What I can tell you is that the endeavor will be independent of my other organizations, and that it will cover general interest news, with a core mission around supporting and empowering independent journalists across many sectors and beats. The team will build a media platform that elevates and supports these journalists and allows them to pursue the truth in their fields. This doesn’t just mean investigative reporting, but all news.

As part of my learning process, I recently reached out to Glenn Greenwald to find out what journalists like him need to do their jobs well. As it turns out, he and his colleagues Laura Poitras and Jeremy Scahill, were already on a path to create an online space to support independent journalists. We had a lot of overlap in terms of our ideas, and decided to join forces.

I believe that independent journalists like Glenn, Laura, and Jeremy play an important role in our society. We’ll be working with them and others, but we have a long way to go in terms of what the organization looks like, people’s roles and responsibilities — all of those things still need to be worked out.

I’ll be sure to update you along the way as the new organization progresses.

Pierre Omidyar


Flood Advisory Issued for Big Island – Flash Flood Watch Also in Effect

1:55 Hawaii Time

1:55 Hawaii Time











Chevron’s “Fuel Your School Campaign” Awards Big Island School

Today, members of the Chevron Hawaii team visited Ms. Leticia Gonsalves’ 2nd grade class at Waiakeawaena Elementary School in Hilo.  They dropped off a box full of supplies and STEM-related games that Ms. Gonsalves requested in a proposal submitted to Chevron’s Fuel Your School Campaign via, an online charity that makes it easy for anyone to help students learn.

Ms. Leticia Gonsalves’ 2nd grade class at Waiakeawaina Elementary School in Hilo

Ms. Leticia Gonsalves’ 2nd grade class at Waiakeawaena Elementary School in Hilo

The supplies requested in Ms. Gonsalves’ proposal, “Hands On, Minds On,” foster collaboration, creativity and enrich a child’s overall learning experience.  Ms. Gonsalves was very thoughtful in her selection of items, including various Bingo games that teach children how to tell time and count money, Legos to help children imagine and create a built environment, magnets for classroom surveys, and four shades of brown paint because her students want painted colors that match their skin tones when they paint pictures of themselves, their families and friends.

Students opening packages.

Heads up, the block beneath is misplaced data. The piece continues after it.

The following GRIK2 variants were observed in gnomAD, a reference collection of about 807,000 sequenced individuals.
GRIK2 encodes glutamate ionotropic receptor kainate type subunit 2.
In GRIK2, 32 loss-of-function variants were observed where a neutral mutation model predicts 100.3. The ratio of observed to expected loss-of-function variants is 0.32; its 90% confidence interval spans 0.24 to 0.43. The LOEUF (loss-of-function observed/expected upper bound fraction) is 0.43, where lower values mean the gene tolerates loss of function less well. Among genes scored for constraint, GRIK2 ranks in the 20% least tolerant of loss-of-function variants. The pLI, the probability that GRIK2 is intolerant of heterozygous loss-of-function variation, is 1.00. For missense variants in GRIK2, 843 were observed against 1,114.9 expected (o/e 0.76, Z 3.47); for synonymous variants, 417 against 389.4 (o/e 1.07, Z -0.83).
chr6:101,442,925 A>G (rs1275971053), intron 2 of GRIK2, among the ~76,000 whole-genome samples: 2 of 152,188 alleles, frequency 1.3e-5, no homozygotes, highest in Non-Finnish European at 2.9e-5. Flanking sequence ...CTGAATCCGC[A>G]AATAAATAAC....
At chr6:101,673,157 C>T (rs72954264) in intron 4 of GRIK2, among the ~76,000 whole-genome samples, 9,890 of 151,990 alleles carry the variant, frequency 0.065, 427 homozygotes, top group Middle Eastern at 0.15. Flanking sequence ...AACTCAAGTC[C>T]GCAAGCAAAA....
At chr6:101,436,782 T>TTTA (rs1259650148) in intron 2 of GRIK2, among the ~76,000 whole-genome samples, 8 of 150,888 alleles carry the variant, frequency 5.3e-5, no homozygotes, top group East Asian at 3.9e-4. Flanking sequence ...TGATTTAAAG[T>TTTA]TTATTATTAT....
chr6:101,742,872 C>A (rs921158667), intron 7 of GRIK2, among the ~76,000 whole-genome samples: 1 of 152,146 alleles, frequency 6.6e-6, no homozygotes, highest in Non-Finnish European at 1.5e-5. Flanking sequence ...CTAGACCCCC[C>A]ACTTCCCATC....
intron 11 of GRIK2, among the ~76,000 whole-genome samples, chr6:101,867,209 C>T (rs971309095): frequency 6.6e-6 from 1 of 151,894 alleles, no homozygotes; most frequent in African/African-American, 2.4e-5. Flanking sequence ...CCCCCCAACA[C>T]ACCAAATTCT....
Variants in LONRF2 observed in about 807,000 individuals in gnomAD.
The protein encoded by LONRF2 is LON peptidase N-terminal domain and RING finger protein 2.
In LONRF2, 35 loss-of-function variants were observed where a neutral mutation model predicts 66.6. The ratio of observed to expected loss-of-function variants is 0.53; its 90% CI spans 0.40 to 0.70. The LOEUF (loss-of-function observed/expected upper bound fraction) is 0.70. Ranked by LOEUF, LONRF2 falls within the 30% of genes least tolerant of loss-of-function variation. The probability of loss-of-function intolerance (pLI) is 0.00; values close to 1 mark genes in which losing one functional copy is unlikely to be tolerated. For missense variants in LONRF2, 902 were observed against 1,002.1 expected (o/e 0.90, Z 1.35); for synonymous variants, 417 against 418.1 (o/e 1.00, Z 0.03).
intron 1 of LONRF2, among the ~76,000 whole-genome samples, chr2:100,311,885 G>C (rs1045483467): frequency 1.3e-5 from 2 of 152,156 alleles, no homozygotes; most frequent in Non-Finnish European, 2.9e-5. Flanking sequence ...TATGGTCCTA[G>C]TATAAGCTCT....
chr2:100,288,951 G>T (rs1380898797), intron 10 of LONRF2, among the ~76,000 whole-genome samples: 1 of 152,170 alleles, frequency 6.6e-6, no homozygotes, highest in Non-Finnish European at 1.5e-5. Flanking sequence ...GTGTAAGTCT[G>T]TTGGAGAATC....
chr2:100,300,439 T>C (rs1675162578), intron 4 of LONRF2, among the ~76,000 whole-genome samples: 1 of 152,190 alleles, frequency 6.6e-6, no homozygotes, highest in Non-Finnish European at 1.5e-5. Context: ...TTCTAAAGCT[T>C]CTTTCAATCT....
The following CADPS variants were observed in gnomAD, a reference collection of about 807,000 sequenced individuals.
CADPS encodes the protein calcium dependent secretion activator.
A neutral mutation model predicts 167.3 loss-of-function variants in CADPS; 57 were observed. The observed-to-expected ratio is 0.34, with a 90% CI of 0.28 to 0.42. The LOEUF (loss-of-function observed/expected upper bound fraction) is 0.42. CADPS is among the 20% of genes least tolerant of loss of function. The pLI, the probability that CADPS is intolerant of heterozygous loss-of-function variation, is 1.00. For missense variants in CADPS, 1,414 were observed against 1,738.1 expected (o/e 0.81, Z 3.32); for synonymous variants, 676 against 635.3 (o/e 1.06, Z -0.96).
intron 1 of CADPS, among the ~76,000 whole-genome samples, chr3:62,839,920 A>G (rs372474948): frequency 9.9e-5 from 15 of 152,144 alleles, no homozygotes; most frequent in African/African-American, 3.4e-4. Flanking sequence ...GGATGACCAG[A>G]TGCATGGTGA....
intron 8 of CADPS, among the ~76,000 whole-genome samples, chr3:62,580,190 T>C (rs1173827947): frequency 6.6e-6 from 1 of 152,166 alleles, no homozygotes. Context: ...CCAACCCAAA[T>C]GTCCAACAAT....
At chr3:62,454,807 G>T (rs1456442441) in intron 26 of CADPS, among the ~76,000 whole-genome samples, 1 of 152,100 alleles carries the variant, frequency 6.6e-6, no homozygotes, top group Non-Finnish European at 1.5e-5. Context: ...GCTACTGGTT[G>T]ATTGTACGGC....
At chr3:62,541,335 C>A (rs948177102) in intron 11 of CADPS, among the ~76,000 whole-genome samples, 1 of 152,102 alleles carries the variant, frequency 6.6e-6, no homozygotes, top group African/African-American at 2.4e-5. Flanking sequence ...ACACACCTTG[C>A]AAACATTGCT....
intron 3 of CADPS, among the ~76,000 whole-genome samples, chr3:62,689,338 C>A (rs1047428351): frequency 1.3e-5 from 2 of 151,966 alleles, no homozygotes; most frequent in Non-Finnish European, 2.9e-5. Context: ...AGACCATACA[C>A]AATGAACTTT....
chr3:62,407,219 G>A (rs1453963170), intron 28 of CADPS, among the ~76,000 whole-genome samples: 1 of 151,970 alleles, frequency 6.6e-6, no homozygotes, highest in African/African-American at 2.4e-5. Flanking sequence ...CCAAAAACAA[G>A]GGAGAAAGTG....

Students opening packages.

To view a complete list of Ms. Gonsalves’ project post, click here:

Supply Box

After the supply box was opened, students selected a game, broke off into groups and played together.  The new games and supplies are a big help to Ms. Gonsalves, who, like many teachers across the state, often spend up to $500 of their own money a year to purchase additional classroom supplies for their students.

Marble Run

This is the first year that the Fuel Your School Campaign is in Hawaii.  Throughout the month of October, everyone can help their local schools by filling up at participating Chevron and Texaco locations.  Chevron will donate $1 for every 8-gallon or more fill up, up to $350,000, to support public education at Hawaii schools.

Teachers are encouraged to post project proposals and requests for learning materials on by November 30, 2013.  Fuel Your School is designed to help support and improve critical educational programs, particularly in STEM subjects, to help prepare students for everyday experiences and plant “seeds of interest” in future STEM-related careers.

Chevron Games

Carina Tagupa, Chevron Hawaii’s Community Relations Specialist stated, “Chevron is a stakeholder in seeing students succeed in science and math. We are proud to launch Fuel Your School in Hawaii in partnership with We encourage public school teachers to post projects on the Donors Choose website now until Nov 30. We also encourage families to visit our Chevron stations and fill up as $1 is donated for an 8 gallon purchase”

Lt. Gov. Tsutsui to Lead New Sports Development Initiative

Gov. Neil Abercrombie today appointed Lt. Gov. Shan Tsutsui to spearhead the state’s Sports Development Initiative, which aims to coordinate efforts throughout Hawaii to build a thriving sports industry.

Shan Appointed

“This initiative will help to expand sports entertainment and participation opportunities in Hawaii, while also strengthening our visitor economy – particularly during the shoulder seasons when visitor arrivals are less robust,” Gov. Abercrombie said. “With Shan at the helm, we hope to take advantage of each island’s unique characteristics and bring athletic events that fit into their individual environments.”

While collaborating with the Hawaii Tourism Authority, University of Hawaii System, Stadium Authority, and private sports organizations, the initiative will identify, promote and engage opportunities to establish Hawaii as a premier sports destination for professional, amateur and youth athletics. The improvement of current facilities and development of world-class, state-of-the-art venues are also part of the initiative, intended to attract sporting events and athletic training opportunities not only on Oahu but throughout the state.